How to Set Up Your First Marketing Qualified Lead Report with Marketing Automation Tools

By Mathew Sweezey

Your Marketing Qualified Lead (MQL) report is easy to set up in your marketing automation tool. The ways to do this differ according to your tool. Some tools have prebuilt MQL reports that automatically track all the leads you mark as sales ready. Other tools require you to manually set up MQL reporting.

To set up your MQL report, you need to obtain the following three data points:

  • How many people are MQL at a given time. You need the ability to see the number of leads marked MQL over a period of time. A basic list with a sort-by-date field is fine.

    If your tool has a built-in MQL report out of the box, you don’t need to do anything. If it doesn’t, you need to create a custom list or create segmentation to keep up with this data for you.

  • How long it takes people to leave the MQL stage. Time is used as a part of the formula. Just pick the time frame you want to measure results in. It is suggested you use quarterly, biannually, and annually.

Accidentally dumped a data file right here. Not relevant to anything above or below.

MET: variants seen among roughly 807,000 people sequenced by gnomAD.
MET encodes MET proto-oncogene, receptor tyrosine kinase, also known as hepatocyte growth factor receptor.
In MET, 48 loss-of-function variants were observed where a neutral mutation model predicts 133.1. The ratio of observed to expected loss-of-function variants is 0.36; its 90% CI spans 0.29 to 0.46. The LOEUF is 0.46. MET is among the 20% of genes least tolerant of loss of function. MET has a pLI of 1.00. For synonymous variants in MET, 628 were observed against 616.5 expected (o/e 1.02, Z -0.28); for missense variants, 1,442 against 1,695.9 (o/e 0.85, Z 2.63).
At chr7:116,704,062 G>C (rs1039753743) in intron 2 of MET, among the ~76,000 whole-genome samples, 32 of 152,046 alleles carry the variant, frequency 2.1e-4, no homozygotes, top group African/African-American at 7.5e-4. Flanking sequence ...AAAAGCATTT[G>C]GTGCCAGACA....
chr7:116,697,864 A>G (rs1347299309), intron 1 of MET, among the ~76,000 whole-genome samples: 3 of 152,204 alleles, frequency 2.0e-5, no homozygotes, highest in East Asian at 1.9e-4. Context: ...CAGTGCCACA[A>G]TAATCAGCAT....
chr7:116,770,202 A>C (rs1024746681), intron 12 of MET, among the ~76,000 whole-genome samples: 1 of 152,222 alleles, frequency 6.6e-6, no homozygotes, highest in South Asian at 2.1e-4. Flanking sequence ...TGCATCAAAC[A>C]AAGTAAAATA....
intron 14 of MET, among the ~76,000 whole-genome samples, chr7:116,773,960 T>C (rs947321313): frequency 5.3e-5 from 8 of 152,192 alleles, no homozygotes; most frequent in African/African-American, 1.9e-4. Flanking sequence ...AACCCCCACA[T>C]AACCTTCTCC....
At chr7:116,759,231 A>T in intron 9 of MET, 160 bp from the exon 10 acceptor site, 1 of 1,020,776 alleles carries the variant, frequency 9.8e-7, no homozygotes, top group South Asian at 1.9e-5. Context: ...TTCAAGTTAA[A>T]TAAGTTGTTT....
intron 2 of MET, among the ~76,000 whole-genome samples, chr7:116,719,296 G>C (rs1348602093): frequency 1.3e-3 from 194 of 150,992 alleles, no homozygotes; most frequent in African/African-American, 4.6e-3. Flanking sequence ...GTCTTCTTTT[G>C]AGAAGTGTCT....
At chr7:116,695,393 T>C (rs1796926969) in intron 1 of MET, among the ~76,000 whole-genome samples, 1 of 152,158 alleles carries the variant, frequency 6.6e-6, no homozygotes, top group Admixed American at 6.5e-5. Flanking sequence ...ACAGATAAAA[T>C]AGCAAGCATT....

• The cost of generating each lead in the MQL stage. The simple way to calculate your ROI is to take your marketing budget over a period of time and divide it by your MQL number to arrive at what you’re paying for each MQL lead.

    You should use this number to see whether you are spending more or less money over time to generate the same result. This number is a much more accurate representation of your direct results from specific actions, taking into account the time it takes for those results to yield results.

    You need to use a rolling average of costs over a period of time. So, for example, if you want to track how much it cost you to produce the MQL leads in Q1, and your average velocity of net new leads to MQL is 30 days, you need to account for your 30-day lag in results.

    To do so, account for your costs beginning 30 days prior to Q1, and stop 30 days prior to the end of Q1. The result tells you how much money you spent to generate the majority of the MQL leads.

Remember that the return on investment (ROI) report of a stage is not 100 percent accurate. You are assuming a lot of averages, and in marketing, people don’t operate as averages. They operate as individuals. So use ROI reports as a guide. You’ll notice that sometimes ROI can’t explain why you had more leads, or fewer leads, during a time period. So look for large trends and understand this report as a guide, not a fact.